Recovery from substance abuse and drug addiction is never easy. For many teens and young adults, the healing process is especially difficult—not necessarily because of debilitating withdrawal symptoms, but because they are struggling internally, mentally, psychologically. If you or a loved one is battling a substance addiction alongside a mental health issue, it is likely that co-occurring disorders are present.
Co-occurring mental health conditions and substance abuse (formally known as dual diagnosis) affect nearly 9 million people each year. Co-occurring disorders in young men are not an uncommon diagnosis, but require very specific tailored drug treatment. Integrated dual diagnosis treatment, or drug rehab that treats mental health and substance use disorders simultaneously, is an integral aspect of the recovery process. Without this integrated treatment approach, drug users diagnosed with dual disorders can easily get caught amidst the cyclical relationship between their mental illness and their substance abuse: a detrimental deterrent that will inhibit a successful recovery.
Mental disorders can complicate the recovery process. If one gets treated for an addiction alone, he will not feel fully recovered until his mental health condition is properly treated as well. As a result, dual diagnosis must be identified, and treated, as early as possible. Yet co-occurring disorders can be hard to recognize, and as a result, are often left untreated. Only 7.4 percent of these 9 million afflicted individuals ever receive the appropriate, integrated treatment their dual disorders demand.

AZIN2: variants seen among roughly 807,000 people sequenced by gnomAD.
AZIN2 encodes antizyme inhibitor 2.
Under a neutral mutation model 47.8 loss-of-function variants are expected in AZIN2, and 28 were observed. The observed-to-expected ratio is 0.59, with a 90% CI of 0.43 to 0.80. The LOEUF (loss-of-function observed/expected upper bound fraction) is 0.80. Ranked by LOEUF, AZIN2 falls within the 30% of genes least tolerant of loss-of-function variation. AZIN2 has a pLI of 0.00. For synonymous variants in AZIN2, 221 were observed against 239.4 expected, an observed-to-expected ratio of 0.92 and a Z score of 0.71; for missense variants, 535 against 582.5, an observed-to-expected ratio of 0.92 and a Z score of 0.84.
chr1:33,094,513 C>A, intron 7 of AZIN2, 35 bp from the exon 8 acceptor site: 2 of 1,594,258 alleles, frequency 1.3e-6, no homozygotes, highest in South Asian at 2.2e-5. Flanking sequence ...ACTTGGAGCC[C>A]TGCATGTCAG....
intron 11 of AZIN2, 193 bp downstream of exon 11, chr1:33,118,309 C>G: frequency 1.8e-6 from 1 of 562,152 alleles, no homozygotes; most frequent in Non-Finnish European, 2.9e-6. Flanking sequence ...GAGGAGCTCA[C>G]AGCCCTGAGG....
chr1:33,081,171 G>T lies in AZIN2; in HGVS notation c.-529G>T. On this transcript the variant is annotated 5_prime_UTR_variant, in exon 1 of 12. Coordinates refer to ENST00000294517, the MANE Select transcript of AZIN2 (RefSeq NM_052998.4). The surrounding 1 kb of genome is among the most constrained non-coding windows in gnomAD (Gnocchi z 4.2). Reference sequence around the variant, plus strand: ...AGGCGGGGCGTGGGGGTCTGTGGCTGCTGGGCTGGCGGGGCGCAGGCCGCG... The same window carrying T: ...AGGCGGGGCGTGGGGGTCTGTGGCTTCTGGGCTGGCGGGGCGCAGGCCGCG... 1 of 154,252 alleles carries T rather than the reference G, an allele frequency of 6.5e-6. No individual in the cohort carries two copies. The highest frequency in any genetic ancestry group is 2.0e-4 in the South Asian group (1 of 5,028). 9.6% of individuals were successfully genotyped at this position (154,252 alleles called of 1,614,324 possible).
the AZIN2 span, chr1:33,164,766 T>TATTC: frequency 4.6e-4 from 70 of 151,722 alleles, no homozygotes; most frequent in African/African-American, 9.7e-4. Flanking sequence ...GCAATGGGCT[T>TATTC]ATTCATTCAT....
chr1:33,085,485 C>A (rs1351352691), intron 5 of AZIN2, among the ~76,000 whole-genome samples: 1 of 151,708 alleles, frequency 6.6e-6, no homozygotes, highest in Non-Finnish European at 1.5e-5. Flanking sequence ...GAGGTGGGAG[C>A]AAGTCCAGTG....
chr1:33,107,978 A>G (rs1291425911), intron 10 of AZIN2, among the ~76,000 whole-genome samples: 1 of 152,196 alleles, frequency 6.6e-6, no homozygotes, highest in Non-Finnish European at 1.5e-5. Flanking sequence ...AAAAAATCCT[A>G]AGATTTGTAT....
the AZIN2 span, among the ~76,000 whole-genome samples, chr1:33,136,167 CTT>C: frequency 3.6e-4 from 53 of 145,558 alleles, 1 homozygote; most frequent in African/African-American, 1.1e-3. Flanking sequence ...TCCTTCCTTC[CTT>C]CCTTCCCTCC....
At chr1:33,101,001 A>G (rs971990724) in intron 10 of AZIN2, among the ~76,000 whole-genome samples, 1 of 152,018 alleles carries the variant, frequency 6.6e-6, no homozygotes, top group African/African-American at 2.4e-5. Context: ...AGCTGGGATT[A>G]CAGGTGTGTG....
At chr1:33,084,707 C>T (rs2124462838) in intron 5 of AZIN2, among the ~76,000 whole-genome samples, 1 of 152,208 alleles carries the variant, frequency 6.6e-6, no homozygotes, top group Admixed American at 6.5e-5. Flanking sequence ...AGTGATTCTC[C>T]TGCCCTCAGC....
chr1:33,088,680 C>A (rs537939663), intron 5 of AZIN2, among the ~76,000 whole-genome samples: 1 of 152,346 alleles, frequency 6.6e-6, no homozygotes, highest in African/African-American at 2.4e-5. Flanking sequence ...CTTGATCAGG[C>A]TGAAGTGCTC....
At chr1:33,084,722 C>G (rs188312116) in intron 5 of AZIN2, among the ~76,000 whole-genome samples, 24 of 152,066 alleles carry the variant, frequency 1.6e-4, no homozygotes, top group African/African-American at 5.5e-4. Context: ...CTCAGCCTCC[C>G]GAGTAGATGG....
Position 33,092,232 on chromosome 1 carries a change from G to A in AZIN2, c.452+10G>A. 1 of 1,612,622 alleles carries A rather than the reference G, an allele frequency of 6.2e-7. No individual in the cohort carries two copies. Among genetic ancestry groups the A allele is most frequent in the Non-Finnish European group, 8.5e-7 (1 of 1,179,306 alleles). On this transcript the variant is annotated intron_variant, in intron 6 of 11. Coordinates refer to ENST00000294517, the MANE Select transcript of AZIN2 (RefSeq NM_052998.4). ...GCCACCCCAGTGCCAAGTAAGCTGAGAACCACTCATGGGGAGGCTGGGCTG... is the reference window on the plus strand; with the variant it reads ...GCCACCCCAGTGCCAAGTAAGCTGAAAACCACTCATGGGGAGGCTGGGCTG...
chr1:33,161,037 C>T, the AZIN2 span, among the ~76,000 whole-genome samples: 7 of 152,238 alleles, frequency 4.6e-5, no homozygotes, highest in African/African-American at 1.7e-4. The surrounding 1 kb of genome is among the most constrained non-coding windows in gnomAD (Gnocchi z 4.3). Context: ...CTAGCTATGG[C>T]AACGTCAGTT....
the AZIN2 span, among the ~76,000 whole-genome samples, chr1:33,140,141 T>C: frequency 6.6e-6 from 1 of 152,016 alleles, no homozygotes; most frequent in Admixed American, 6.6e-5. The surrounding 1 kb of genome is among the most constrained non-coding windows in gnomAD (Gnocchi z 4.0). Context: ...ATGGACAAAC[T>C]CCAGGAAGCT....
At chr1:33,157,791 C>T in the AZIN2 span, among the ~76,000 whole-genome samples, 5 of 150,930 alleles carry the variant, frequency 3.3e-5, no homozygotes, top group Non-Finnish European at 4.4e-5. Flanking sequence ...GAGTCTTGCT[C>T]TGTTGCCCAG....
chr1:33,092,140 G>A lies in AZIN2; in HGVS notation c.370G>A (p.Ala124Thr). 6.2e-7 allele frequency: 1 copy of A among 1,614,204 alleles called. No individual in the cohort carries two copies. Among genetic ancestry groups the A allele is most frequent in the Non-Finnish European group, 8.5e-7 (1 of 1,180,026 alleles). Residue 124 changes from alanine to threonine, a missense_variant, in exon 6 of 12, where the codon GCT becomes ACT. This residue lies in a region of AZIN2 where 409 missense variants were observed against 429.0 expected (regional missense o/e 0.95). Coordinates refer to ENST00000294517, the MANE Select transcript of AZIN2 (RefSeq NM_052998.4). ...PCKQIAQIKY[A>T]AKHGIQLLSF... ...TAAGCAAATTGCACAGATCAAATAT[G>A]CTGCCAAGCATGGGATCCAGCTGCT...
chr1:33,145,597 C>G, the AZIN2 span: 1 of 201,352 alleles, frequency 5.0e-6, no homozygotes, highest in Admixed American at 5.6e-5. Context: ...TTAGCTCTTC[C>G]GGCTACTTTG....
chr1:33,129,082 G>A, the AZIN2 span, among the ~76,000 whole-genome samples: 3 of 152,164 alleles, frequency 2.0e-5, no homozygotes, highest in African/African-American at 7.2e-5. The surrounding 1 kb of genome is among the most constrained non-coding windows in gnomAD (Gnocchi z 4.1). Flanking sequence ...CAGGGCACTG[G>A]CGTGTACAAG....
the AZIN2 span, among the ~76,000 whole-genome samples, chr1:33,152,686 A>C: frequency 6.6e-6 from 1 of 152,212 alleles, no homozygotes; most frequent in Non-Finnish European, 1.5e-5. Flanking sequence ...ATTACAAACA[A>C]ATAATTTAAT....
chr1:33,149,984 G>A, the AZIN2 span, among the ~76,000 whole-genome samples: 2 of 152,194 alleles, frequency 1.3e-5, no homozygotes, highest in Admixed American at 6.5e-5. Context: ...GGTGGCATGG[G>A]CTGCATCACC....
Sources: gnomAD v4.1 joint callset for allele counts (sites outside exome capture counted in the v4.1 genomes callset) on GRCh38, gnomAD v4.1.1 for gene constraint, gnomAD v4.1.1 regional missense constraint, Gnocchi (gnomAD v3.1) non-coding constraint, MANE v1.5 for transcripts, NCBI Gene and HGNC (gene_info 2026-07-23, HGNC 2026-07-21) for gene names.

If you believe that you or your loved one is suffering from co-occurring disorders, it is crucial to know how to recognize the warning signs. While the symptoms of dual diagnosis are usually separate and unique from one another, to an addicted person or his loved ones, these overlapping disorders can be hard to identify. Our dual diagnosis treatment professionals at Turnbridge recommend looking first for these indicators that a co-occurring disorder is present: